World leaders gathered in New York are being lambasted by the UN with predictions of dire climate consequences if they fail to institute costly policies against CO2 emissions. Meanwhile, 20 months ago Scott Armstrong challenged Al Gore, an advocate of the UN forecasts, to bet the UN Intergovernmental Panel of Climate Change's projection that global mean temperatures would be 0.3 degrees Celsius warmer in ten years time against the scientific benchmark forecast that there would be no change in global mean temperatures. Al Gore declined the bet but, had he taken it, he would have lost 18 out of the first 20 months of the bet. For graphs recording the predictions and outcome to-date see the TheClimateBet.com. See also the graph showing a third-party prediction market on who will win the bet; participants favor the scientific approach to forecasting global temperatures giving Armstrong a 73% chance of winning.
In a cheekily titled article--"Forecast: Next Year Will Arrive in 2010-ish"--Carl Bialik asks experts, including Foresight editor Len Tashman and ForPrin.com directors Scott Armstrong and Kesten Green, why forecasts for 2009 have been so wrong. His article is subtitled "Recession Clouded Crystal Balls in Many Industries, Prompting Predictors to Regroup, Change Strategies and Exercise Caution" signaling his disappointment. In their essay "How to Forecast for Recessions and Recoveries" (on ManyWorlds; original) Armstrong and Green suggest using a simple rule from Collopy and Armstrong's Rule-based Forecasting in order to avoid embarrassment: When a time series is identified as “contrary,” do not extrapolate a trend.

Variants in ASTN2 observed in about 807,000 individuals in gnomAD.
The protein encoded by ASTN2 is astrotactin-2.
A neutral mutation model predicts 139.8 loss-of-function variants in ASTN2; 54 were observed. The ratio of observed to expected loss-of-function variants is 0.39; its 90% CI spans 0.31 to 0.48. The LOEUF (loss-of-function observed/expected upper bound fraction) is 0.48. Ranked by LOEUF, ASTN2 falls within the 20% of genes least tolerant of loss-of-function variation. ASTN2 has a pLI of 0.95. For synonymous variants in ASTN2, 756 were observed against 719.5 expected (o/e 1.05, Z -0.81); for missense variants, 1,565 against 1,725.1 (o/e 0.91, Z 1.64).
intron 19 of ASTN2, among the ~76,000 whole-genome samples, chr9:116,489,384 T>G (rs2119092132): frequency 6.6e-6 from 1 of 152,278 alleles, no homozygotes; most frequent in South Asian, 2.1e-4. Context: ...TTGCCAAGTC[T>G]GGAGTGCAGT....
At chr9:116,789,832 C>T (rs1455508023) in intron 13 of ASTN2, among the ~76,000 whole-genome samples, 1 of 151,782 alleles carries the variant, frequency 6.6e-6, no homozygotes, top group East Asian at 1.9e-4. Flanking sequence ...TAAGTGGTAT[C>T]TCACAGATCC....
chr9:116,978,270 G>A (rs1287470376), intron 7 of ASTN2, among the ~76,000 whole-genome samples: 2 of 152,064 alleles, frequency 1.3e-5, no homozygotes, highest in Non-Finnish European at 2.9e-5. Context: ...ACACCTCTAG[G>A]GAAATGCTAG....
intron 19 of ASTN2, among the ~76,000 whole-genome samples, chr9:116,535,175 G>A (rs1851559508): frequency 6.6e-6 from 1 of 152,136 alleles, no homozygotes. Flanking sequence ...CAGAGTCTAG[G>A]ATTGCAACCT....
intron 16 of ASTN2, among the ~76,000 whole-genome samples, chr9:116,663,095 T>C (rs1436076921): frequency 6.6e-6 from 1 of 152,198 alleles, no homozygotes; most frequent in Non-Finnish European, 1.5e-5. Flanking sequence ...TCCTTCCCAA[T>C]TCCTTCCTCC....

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The 2009 INFORMS Data Mining Contest is the second installment of a data mining contest that started last year in conjunction with the INFORMS conference. The contest again involves predictive problems for health care quality. The two tasks for this year's contest are: 1) modeling of a patient transfer guideline for patients with a severe medical condition from a community hospital setting to tertiary hospital provider and 2) assessment of the severity/risk of death of a patient's condition.
Predictions must be submitted by September 25. You may want to consider giving a talk at the Contest session at the INFORMS conference. Workshop acceptance will be based on successful submissions to the Contest. Contestants are encouraged to prepare a paper describing methods and insights to be considered for publication in a Special Issue in a data mining journal (to be determined). See the Contest site for more information.